• ‘All Muslims dead' tagged at Kent-Meridian High School

    By: CAROLYN OSSORIO, MyNorthwest

    Updated:

    School will go on at Kent-Meridian High School despite graffiti in the girl’s bathroom that read: “All Muslims dead on October 30th.”

    The graffiti included “#MAGA,” which stands for Make America Great Again.

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    According to Chris Loftis, spokesperson for the Kent School District, this isn’t the first time the district has dealt with threats against Muslims.

    “Kentlake High School at the end of last year, some anti-Muslim language was delivered to a staff member from an internal source that we weren’t able to identify. And, earlier this school year, one of our assistant principles, who is Muslim, received hateful email from out-of-state.”

    The latest “tags” discovered by a school staff member have the community rattled.

    Immediately after the incident was reported, Loftis says school officials and police began an investigation.

    “We had an internal investigation. And we brought in the local law enforcement and they did an investigation. They looked at all sorts of video resources both on school and in the community. So, we have to go through the process to make sure we’ve done all that we can do, to get as much factual information that we can have before we reach out to the community.”

    The school district sent out a letter on Oct. 27 notifying parents the death threats and anti-Muslim slurs, and assuring parents that the school’s safety officers had reported the threats to Kent Police and that there was an investigation underway.

    “Currently, there are no specific threats directed at individual students, however, we will implement extensive security measures on October 30 to help us maintain a safe campus. Our students and staff will notice an increase in security presence by Kent School District safety officers and Kent Police.”

    Despite the quick action taken by the school and police, some families are feeling uneasy, particularly because students had already shared photos of the message on social media.

    According to Jasmin Samy, civil rights director for the Washington State Chapter of the Council on American Islamic Relations, at least one family reached out to her regarding the incident.

    “A family called us and said our child is at this school and this is what’s happening since October 24th. And their issue was the school hadn’t notified them. They didn’t know anything, and it was all over … everyone knew about it because kids were already posting the pictures on social media.”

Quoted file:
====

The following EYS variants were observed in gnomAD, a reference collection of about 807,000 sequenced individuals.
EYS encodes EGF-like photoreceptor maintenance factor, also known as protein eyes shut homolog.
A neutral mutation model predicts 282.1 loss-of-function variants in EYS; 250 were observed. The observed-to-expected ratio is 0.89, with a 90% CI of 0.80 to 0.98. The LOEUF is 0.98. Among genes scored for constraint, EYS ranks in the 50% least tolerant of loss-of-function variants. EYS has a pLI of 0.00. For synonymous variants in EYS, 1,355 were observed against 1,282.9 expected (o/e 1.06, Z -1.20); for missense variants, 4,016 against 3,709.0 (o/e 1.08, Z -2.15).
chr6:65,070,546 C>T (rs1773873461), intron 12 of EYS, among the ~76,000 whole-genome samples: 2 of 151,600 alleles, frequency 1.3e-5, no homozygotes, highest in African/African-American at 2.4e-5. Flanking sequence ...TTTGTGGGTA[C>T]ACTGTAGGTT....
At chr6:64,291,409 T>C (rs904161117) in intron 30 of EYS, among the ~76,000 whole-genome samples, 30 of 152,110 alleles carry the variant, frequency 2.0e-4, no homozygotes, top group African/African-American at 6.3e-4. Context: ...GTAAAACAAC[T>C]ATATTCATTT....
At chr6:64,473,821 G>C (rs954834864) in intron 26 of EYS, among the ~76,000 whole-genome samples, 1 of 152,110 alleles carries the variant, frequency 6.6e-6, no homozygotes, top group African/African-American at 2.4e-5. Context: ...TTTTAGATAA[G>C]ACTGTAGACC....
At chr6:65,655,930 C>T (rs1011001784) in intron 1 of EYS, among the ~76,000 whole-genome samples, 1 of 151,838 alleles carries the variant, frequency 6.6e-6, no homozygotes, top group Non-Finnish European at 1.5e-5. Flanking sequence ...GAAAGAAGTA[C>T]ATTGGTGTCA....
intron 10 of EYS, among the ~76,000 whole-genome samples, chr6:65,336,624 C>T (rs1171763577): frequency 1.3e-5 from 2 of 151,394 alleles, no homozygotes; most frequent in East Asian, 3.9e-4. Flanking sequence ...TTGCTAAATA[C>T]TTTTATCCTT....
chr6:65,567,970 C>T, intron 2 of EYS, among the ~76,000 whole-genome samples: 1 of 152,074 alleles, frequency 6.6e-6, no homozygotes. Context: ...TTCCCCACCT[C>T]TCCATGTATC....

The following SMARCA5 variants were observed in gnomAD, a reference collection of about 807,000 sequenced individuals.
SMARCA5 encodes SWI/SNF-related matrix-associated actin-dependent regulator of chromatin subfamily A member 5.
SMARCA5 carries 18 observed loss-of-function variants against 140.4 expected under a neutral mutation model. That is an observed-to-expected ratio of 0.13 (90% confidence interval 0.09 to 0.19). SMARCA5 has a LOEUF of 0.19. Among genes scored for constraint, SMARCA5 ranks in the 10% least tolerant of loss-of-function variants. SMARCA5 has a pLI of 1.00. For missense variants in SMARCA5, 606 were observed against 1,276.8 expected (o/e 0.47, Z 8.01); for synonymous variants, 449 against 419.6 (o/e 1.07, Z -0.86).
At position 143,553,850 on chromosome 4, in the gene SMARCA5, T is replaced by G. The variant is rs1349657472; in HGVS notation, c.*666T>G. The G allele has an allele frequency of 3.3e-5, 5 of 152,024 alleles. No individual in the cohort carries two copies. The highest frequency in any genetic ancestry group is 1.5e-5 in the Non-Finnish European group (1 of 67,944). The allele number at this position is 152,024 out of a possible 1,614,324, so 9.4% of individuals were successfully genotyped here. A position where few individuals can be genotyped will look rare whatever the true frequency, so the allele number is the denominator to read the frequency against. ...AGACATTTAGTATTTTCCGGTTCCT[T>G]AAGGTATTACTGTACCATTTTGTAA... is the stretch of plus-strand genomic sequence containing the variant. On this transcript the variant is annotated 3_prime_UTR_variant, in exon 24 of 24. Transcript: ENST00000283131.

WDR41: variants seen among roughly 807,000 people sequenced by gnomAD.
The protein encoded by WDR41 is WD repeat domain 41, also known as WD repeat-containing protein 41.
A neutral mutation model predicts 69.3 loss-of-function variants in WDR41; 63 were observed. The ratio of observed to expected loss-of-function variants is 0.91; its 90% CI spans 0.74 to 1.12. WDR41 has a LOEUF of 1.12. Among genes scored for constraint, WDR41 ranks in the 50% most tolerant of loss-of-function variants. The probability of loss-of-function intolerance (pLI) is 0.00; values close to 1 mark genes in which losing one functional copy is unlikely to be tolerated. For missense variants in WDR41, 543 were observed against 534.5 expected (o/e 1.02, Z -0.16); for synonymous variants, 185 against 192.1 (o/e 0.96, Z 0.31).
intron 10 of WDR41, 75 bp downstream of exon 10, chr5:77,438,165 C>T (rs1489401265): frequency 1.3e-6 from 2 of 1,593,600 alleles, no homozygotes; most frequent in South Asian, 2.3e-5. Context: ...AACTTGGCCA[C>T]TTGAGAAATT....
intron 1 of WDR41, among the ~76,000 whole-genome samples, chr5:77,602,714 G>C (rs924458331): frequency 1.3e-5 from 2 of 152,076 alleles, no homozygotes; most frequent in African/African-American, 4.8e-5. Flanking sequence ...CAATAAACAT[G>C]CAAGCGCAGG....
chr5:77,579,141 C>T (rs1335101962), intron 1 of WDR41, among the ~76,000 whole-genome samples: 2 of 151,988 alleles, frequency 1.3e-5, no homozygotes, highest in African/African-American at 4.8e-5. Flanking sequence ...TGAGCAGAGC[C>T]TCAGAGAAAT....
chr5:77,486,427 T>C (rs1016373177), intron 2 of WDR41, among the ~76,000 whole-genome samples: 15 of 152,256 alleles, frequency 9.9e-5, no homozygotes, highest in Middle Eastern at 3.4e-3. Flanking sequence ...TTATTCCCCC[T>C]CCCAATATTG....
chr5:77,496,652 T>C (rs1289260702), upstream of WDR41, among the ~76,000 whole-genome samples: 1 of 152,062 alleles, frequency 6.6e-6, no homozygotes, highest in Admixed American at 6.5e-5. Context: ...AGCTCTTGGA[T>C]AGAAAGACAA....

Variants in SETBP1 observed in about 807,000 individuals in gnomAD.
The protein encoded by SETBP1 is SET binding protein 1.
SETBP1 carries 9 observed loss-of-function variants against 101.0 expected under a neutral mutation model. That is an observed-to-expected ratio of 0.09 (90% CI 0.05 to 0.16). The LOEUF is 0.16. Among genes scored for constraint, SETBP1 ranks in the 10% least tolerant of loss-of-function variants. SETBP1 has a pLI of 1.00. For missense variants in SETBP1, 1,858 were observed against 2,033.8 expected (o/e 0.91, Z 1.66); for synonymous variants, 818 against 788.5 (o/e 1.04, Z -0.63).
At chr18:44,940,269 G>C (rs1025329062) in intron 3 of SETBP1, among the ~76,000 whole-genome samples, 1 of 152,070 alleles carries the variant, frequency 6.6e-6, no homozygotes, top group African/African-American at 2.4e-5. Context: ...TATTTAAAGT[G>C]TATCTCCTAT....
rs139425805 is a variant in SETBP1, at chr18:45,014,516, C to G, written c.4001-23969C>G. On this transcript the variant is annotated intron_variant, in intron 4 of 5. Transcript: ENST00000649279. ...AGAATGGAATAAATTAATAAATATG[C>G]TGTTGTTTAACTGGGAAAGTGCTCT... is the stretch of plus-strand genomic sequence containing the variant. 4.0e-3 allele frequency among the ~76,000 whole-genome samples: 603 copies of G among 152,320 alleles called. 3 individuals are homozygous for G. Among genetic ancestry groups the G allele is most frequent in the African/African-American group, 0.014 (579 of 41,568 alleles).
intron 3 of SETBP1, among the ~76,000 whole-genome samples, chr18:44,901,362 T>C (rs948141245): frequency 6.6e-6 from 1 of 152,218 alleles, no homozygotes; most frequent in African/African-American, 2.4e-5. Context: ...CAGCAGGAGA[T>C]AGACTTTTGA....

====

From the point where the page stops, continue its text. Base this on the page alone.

Samy said that the slow response from the school district had caused ripples of concern throughout the Muslim community.

    “I’ve heard from a few parents not only in the Kent School District — because you know Federal Way is close and others. They’re like, ‘So what’s happening? Is this going to other schools?’ The thing is you know social media … it was posted by a member of the Kent community on Facebook so many people heard of it and they started asking questions.”

    CAIR’s national office has reported an unprecedented increase in hate incidents targeting American Muslims and members of other minority groups since the election of Donald Trump.

    Loftis says he understands that the community is concerned.

    “I understand when people feel that from their perspective it didn’t happen fast enough or it didn’t happen in the way they would do it. But I think we have to ask people to trust us. That we have more information than they have often and we also have wider swaths of responsibilities that we have to navigate.”

    He went on to say, “Our public schools are not immune from the challenges of society, they are a reflection of it … There’s that balance. At what point does too much security go from safety to suppression? At what point does communication go from being responsive to being reactionary? And we have to find that balance.”

    Loftis said he’s confident that kids will be safe at school.

    “Just like we have every day. But we’re going to make sure that we have the extra resources there in case something does happen. And, we’re going to make sure we have the extra resources to dissuade anyone from doing anything.”

    As for many of the Muslim students and their families, Samy says, “They painted over the walls, but they are scared.”

    CAIR has been in touch with the Kent School District and the impacted community members. There are plans to meet with school officials to ensure a full and appropriate response to the incident. The civil rights organization will take that opportunity to discuss how the school should approach such issues moving forward to ensure Muslim students and parents feel safe at school.

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